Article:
US 6808148 B1
A mounting system for a flat display screen, particularly a plasma display screen, suspends the screen separately in each of the x-, y- and z-directions. A series of frames located by linear bearings and isolated by springs and dampers allows separate controlled movement in each axis. The system enables the use of relatively larger display screens in vehicles in which plasma screen are subject to damage from vibration.
1. A mounting system for a flat display screen comprising
a) an outer frame adapted for attachment to an object of greater mass;
b) an inner frame isolated from said outer frame by a plurality of linear low friction devices and a plurality of combinations of springs and dampers;
c) sliding pads cradling a flat display screen on four sides;
d) retaining brackets interposed between said inner frame and said sliding pads;
e) a plurality of needle bearings separating said retaining brackets and said sliding pads;
f) a plurality of springs separating said inner frame from said retaining brackets;
g) a plurality of adjustable fastening means tying said retaining brackets to said inner frame;
h) a plurality of dampers parallel to said adjustable fastening means; and
i) a cover attached to said outer frame and concealing the area between said outer frame and said flat display screen.
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8. A mounting system for a flat display screen comprising
a) means for attaching a mounting system to an object having greater mass;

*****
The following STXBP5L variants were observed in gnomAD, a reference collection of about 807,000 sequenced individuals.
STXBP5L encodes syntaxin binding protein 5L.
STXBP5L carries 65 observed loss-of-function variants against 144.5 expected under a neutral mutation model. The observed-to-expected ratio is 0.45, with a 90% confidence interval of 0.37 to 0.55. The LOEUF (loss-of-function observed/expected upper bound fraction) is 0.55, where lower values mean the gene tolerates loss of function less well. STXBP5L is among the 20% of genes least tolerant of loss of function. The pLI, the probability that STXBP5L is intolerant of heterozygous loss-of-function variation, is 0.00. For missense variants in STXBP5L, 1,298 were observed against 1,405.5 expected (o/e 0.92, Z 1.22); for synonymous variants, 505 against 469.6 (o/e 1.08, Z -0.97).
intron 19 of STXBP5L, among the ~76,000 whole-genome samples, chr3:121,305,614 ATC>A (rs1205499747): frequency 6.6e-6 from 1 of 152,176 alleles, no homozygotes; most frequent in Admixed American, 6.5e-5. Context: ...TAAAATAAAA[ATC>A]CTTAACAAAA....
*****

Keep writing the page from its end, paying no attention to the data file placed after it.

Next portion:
b) means for separately suspending said flat display screen in each of the x-, y- and z-directions;
c) means for separately damping the movement of said flat display screen in each of said x , y- and z-directions;
d) means for isolating said mounting system from said flat display screen to allow said display screen to move relative to said mounting system; and
e) means to conceal said mounting system.
The United States Government has rights in this invention pursuant to Contract No. DE-AC09-96-SR18500 between the U.S. Department of Energy and Westinghouse Savannah River Company.
This application relates to methods for mounting flat display screens, particularly plasma screens, in mobile facilities and particularly to methods for vibration isolation for plasma screens in ambulances, mobile hospitals, travel trailers and military vehicles.
Flat display screens such as plasma screens offer many advantages over earlier display technologies. Unlike cathode-ray tubes, the screens are thin and flat, requiring less space while providing a larger surface area for display. Unlike liquid crystal displays, plasma screens have the advantage that they can be viewed at an angle without distortion. They are compatible with computers and satellite dishes and are not power hungry. Unfortunately, plasma screens have two large flat glass plates and the integrity of the gas seals between the plates must be maintained. Plasma screens are more shock-sensitive than are alternate monitors which limits not only the manner in which they are shipped, but also the uses to which they can be put. A method for mounting a plasma screen in a vehicle such as an ambulance would improve patient care in remote settings and expand the “golden hour” so critical to emergency medicine for both civilians and military personnel.